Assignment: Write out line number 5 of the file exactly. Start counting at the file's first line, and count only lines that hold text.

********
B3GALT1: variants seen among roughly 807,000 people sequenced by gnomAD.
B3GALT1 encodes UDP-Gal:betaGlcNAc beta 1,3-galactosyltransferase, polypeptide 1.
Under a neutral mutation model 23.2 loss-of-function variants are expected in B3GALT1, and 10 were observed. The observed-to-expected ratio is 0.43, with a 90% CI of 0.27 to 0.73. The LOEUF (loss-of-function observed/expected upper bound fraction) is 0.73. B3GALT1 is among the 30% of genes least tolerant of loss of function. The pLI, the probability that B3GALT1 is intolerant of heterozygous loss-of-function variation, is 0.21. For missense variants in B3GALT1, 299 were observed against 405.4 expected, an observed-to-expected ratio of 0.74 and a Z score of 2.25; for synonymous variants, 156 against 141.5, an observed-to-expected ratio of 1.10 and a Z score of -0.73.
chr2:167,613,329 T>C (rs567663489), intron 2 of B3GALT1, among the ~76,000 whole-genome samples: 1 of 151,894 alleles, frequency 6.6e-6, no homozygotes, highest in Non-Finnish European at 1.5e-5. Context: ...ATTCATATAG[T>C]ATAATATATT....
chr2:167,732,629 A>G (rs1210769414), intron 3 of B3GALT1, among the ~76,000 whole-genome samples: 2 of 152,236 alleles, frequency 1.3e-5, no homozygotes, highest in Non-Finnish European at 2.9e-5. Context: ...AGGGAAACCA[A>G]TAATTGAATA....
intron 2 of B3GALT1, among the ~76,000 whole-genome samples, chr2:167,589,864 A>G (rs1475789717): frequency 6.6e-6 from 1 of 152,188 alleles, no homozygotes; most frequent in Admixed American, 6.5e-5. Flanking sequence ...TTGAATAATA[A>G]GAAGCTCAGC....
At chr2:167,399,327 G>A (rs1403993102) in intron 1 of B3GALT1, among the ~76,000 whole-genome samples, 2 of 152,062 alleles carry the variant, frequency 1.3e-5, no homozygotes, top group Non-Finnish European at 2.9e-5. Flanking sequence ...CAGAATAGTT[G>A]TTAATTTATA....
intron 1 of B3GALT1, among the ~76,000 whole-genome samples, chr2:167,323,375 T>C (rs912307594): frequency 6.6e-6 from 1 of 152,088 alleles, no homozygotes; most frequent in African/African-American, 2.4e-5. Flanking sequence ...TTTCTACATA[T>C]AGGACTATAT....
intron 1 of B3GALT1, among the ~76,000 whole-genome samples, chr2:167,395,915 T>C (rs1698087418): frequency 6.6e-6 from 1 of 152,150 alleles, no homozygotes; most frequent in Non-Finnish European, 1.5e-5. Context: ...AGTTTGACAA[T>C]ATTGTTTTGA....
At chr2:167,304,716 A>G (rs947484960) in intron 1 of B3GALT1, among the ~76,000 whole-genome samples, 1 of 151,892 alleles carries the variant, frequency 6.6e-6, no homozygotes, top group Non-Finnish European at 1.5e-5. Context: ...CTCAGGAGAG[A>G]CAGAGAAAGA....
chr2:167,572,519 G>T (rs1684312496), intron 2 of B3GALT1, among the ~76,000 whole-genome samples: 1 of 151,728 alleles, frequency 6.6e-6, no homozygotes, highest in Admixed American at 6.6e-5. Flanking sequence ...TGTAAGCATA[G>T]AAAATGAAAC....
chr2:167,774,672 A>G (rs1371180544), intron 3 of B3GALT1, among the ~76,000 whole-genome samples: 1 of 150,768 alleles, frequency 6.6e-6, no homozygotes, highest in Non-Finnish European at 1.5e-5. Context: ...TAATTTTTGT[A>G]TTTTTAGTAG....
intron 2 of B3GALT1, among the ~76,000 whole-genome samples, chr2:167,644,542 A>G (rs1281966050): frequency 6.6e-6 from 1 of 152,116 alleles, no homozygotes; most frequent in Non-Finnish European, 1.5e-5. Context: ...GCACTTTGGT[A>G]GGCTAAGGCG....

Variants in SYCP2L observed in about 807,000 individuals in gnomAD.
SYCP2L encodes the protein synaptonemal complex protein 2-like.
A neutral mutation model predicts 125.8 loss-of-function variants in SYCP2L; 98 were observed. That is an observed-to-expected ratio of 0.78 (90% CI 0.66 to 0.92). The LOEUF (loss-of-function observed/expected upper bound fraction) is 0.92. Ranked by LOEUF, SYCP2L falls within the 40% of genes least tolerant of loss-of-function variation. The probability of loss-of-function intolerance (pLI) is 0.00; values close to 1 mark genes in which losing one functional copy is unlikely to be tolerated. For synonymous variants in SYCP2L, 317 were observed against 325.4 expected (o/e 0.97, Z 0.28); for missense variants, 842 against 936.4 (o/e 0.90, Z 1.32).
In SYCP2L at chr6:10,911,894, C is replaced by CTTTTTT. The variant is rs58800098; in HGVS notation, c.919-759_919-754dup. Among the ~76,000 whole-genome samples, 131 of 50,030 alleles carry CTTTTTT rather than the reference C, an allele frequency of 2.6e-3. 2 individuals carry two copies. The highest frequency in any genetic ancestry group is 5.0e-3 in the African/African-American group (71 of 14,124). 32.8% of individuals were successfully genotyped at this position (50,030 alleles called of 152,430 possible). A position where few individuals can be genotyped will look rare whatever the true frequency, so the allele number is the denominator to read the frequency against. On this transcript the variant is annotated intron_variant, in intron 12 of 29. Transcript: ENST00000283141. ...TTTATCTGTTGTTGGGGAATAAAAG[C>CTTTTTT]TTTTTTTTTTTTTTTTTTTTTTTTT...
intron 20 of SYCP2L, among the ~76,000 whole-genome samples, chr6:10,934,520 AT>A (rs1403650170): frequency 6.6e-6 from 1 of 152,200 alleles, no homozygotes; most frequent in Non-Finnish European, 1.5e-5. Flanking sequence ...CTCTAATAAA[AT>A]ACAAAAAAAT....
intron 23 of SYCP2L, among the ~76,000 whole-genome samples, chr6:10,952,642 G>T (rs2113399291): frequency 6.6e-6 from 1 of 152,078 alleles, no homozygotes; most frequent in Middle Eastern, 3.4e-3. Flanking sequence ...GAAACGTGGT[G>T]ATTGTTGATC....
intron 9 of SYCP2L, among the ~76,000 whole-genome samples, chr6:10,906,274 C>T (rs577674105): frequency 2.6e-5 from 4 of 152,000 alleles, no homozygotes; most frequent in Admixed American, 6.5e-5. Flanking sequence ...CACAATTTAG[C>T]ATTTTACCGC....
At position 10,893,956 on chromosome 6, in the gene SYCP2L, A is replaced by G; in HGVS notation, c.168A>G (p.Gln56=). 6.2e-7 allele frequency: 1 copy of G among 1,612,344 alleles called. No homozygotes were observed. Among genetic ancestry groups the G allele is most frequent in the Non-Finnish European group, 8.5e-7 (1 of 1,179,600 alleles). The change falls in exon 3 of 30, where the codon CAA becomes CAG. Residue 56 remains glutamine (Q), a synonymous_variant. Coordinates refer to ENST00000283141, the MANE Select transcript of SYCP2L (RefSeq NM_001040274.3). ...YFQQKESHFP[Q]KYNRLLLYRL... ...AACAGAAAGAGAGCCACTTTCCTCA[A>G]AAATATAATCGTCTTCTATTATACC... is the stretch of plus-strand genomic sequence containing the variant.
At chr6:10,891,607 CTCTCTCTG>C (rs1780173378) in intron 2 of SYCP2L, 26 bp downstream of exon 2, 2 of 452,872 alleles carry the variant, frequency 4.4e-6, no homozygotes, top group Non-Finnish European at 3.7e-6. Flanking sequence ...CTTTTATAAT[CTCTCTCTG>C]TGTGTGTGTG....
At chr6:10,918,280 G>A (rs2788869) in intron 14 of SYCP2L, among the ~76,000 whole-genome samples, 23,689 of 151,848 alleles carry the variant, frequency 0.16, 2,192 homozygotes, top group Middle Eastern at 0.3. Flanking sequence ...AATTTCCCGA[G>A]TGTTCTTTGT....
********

chr2:167,732,629 A>G (rs1210769414), intron 3 of B3GALT1, among the ~76,000 whole-genome samples: 2 of 152,236 alleles, frequency 1.3e-5, no homozygotes, highest in Non-Finnish European at 2.9e-5. Context: ...AGGGAAACCA[A>G]TAATTGAATA....